Airlines for America implores DHS to cancel customs preclearance facility at Abu Dhabi International Airport

WASHINGTON, 12 April 2013. Airlines for America (A4A) officials are calling for the Department of Homeland Security (DHS) to scrap its plans to establish a Customs and Border Protection (CBP) preclearance facility at Abu Dhabi International Airport in the United Arab Emirates (UAE). A4A is calling it a “pay-to-play” scheme that sets a dangerous and unauthorized precedent and harms U.S. citizens, jobs, the economy and the global competitiveness of the U.S. airline industry.

Apr 12th, 2013
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WASHINGTON, 12 April 2013. Airlines for America (A4A) officials are calling for the Department of Homeland Security (DHS) to scrap its plans to establish a Customs and Border Protection (CBP) preclearance facility at Abu Dhabi International Airport in the United Arab Emirates (UAE). A4A is calling it a “pay-to-play” scheme that sets a dangerous and unauthorized precedent and harms U.S. citizens, jobs, the economy and the global competitiveness of the U.S. airline industry.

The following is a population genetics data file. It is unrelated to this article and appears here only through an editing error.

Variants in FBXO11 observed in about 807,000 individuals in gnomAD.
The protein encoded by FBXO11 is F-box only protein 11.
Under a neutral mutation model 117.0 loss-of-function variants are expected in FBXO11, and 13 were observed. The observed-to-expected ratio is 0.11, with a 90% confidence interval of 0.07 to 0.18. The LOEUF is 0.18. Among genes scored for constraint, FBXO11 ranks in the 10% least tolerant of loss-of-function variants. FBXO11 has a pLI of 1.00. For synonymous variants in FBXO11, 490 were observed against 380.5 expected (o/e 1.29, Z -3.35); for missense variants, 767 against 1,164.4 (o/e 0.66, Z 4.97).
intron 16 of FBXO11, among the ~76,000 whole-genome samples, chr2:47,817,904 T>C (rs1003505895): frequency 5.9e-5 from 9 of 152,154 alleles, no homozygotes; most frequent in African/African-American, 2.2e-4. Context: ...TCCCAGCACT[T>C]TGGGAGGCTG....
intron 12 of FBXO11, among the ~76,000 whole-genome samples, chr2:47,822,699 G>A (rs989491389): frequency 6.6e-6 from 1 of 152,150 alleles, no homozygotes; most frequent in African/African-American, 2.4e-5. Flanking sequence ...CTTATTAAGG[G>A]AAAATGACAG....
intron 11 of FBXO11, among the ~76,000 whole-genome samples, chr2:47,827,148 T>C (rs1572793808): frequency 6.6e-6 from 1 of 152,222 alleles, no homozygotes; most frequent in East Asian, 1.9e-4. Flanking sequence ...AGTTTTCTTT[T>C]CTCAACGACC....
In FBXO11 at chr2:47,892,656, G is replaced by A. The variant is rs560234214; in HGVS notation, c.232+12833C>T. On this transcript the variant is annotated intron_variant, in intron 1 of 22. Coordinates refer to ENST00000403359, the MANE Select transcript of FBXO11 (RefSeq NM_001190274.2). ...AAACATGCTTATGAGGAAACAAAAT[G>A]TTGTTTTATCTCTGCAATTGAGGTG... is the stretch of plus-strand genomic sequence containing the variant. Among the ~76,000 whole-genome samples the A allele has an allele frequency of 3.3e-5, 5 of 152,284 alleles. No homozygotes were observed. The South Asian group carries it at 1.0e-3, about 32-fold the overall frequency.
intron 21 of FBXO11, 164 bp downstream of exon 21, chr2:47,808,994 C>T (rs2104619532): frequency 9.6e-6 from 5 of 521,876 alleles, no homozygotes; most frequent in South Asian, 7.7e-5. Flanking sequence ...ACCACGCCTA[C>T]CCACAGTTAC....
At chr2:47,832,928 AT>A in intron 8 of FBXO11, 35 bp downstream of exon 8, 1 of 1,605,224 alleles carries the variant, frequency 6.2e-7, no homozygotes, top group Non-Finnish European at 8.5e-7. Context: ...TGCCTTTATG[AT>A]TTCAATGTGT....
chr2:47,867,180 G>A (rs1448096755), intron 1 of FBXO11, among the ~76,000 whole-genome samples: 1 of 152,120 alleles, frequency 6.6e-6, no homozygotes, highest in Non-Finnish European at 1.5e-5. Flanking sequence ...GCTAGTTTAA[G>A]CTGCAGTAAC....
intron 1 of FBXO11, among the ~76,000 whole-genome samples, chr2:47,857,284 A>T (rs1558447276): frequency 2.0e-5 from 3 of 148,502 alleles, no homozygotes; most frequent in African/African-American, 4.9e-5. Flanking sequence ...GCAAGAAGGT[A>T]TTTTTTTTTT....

Domestic CBP facilities are partially funded by the airlines and passengers entering the United States through $1.5 billion in annual user fees they pay, says a spokesperson. According to A4A President and CEO Nicholas E. Calio, the plan for a preclearance facility in Abu Dhabi disadvantages U.S. citizens and other visitors who are not adequately served by CBP today, often waiting hours to clear customs when returning to the United States.

“The proposed agreement with Abu Dhabi creates an incentive for DHS to shift its sources of funding to those with the deepest pockets rather than addressing the greatest need,” Calio says. “At a time when U.S. carriers and airports are fighting to maintain our global competitiveness, the U.S. government should not be signing a deal that benefits a foreign emirate and its wholly owned national carrier, particularly since no U.S. carrier serves that emirate.”

“A4A urges the Administration to abandon this ill-conceived policy, cease efforts to obtain funding from foreign governments, and instead continue to work with the U.S. airline and travel and tourism industries to resolve lengthy wait times at U.S. gateway airports,” Calio adds. “Middle Eastern carriers and their governments make no secret about their aim to make locations like Abu Dhabi global hubs for commerce and tourism; having the U.S. government support that goal at the expense of U.S. workers, airlines, and our economy defies comprehension.”

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